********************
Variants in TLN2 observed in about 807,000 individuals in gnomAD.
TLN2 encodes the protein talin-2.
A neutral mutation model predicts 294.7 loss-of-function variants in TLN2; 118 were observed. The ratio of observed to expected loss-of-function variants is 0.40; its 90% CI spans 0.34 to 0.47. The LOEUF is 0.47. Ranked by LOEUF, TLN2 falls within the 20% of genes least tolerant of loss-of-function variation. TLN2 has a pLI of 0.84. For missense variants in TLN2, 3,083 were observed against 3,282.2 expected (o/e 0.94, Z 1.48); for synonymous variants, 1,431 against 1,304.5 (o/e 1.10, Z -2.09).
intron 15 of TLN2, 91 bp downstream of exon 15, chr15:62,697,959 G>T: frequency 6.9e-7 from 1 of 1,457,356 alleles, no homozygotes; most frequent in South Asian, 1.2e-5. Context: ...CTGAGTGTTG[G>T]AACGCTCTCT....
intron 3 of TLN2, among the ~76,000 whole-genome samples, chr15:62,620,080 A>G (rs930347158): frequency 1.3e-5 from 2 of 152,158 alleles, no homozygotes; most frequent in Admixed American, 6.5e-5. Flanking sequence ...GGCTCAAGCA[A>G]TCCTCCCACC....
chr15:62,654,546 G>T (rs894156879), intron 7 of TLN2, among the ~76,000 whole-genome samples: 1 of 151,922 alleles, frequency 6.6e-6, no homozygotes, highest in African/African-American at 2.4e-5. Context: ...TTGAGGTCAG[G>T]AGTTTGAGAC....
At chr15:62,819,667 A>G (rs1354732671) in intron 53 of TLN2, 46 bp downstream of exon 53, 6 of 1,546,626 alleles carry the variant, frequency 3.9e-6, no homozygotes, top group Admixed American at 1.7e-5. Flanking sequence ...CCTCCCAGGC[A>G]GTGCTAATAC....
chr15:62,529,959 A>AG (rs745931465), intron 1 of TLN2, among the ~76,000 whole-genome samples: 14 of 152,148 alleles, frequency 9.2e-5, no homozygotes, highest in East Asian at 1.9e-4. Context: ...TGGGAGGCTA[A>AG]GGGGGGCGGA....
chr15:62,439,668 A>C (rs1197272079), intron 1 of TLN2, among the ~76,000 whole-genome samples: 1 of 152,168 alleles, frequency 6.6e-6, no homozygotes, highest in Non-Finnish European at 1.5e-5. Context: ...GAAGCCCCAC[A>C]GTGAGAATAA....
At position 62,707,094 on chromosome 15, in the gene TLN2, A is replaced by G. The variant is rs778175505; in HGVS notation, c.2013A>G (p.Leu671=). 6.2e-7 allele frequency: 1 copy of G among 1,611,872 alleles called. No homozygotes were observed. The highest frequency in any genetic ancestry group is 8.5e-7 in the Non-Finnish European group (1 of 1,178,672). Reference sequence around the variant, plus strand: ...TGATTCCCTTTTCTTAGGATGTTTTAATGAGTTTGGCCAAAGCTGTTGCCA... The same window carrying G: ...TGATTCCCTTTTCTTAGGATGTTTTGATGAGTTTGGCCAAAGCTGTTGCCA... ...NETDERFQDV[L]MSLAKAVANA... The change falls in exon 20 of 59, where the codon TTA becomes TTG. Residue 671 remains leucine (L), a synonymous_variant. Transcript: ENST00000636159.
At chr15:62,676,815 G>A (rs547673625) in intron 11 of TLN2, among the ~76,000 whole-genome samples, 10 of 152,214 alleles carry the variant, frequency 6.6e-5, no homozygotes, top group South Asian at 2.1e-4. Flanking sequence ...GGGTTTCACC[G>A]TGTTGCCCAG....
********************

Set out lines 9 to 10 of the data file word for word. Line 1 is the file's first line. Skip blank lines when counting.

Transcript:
chr15:62,439,668 A>C (rs1197272079), intron 1 of TLN2, among the ~76,000 whole-genome samples: 1 of 152,168 alleles, frequency 6.6e-6, no homozygotes, highest in Non-Finnish European at 1.5e-5. Context: ...GAAGCCCCAC[A>C]GTGAGAATAA....
At position 62,707,094 on chromosome 15, in the gene TLN2, A is replaced by G. The variant is rs778175505; in HGVS notation, c.2013A>G (p.Leu671=). 6.2e-7 allele frequency: 1 copy of G among 1,611,872 alleles called. No homozygotes were observed. The highest frequency in any genetic ancestry group is 8.5e-7 in the Non-Finnish European group (1 of 1,178,672). Reference sequence around the variant, plus strand: ...TGATTCCCTTTTCTTAGGATGTTTTAATGAGTTTGGCCAAAGCTGTTGCCA... The same window carrying G: ...TGATTCCCTTTTCTTAGGATGTTTTGATGAGTTTGGCCAAAGCTGTTGCCA... ...NETDERFQDV[L]MSLAKAVANA... The change falls in exon 20 of 59, where the codon TTA becomes TTG. Residue 671 remains leucine (L), a synonymous_variant. Transcript: ENST00000636159.